The Department of Transport, Tourism and Sport has had its current structure since June 2011. Transport first became the principal policy domain of a department in 1959, having been part of the Department of Industry and Commerce until then. Since 1959 it has undergone 10 name changes.
This department’s status has arguably risen with the transfer of tourism in March this year and the jobs initiative in June, which emphasised tourism’s role in economic recovery e.g. through the reduction in VAT on tourism-related services.
The department has six sub-sections: land transport and investment; corporate services and road safety; maritime; aviation and sustainable travel; tourism; and sports.
A wide definition of transport policy covers road safety, the public transport system, ports and shipping policy, and enforcing maritime safety and security standards.
National tourism policy, produced by the department, is implemented by its tourism agencies, including the all-island body; Tourism Ireland. Sports policy is delivered through current funding, which is delivered by the Irish Sports Council, and capital funding, which is provided directly by the department.
The department has one of the largest budgets in government (lower only than justice, health, education and social protection), and its capital budget is the largest of all departments. When accounting for the re-allocation of tourism and sport portfolios it has a total gross budget of €2.3 billion, out of a government gross spend of €57.5 billion. Transport amounts to approximately 31 per cent of government capital spending.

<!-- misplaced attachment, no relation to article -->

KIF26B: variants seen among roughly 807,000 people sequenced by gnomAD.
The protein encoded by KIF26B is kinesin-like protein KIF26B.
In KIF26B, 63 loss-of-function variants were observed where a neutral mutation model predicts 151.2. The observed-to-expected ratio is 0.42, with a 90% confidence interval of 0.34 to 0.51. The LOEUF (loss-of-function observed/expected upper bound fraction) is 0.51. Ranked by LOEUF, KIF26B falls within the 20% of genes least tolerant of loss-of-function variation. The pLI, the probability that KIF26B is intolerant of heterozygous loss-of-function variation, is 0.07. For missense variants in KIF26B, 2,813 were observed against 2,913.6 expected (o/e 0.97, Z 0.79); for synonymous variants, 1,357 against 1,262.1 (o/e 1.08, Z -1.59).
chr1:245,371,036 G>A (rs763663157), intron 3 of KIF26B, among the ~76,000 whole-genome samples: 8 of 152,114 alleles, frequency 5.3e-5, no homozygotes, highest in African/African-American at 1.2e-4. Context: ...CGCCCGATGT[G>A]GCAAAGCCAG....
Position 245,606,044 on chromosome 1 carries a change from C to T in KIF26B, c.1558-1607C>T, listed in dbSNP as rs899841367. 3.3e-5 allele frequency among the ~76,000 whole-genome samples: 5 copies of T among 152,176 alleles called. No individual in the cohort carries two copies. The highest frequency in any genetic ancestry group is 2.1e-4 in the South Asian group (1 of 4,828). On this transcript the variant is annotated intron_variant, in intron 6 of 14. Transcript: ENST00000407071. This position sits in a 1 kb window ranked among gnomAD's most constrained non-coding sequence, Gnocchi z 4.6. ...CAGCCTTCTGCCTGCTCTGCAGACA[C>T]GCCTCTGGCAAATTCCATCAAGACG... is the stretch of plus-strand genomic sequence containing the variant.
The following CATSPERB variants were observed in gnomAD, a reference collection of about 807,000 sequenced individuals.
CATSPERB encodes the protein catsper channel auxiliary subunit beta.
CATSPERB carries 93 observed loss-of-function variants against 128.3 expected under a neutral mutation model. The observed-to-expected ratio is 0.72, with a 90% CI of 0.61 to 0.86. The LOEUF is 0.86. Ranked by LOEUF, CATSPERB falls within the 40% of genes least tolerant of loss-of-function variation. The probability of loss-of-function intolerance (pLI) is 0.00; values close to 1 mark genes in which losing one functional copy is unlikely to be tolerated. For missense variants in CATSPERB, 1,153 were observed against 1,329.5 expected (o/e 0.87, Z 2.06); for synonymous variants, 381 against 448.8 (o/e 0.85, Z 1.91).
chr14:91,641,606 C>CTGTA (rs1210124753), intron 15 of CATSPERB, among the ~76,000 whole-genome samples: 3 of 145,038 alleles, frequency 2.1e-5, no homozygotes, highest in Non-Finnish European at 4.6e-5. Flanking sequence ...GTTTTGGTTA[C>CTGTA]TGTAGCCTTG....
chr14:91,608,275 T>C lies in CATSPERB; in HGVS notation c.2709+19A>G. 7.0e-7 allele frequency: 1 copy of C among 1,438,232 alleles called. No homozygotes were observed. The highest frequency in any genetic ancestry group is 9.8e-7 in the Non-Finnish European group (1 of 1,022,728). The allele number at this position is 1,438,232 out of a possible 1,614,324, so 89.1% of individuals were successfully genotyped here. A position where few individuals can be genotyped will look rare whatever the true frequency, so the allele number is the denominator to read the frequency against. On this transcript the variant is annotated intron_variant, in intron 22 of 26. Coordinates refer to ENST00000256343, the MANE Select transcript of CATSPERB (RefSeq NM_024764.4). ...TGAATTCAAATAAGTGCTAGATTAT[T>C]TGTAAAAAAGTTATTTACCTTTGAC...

Agencies and related public sector organisations in aviation include three airport authorities, the Irish Aviation Authority and the Commission for Aviation Regulation. Marine bodies include the Irish Coastguard, six harbour authorities and 10 port companies. Amongst the other transport agencies are the CIÉ group, the Railway Procurement Agency, the Dublin Transportation Office, the National Roads Authority and the Road Safety Authority.
Under the sports remit the department is responsible for the Irish Sports Council and the National Sports Campus Development Authority. Through tourism the department is responsible for Tourism Ireland and the National Tourism Development Authority (Fáilte Ireland).
The department is headed by the Minister for Transport, Leo Varadkar, and has two ministers of state: Alan Kelly (Public and Commuter Transport) and Michael Ring (Tourism and Sport). Minister Varadkar has two advisers: John Carroll on policy and Nick Miller on press relations. Tom O’Mahony is the department’s Secretary General.
Shadowing the Minister for Fianna Fáil is Timmy Dooley, whilst Dessie Ellis is Sinn Féin’s spokesman on transport and Sandra McLellan is its spokeswoman on tourism and sport.
Tags: Departmental dossier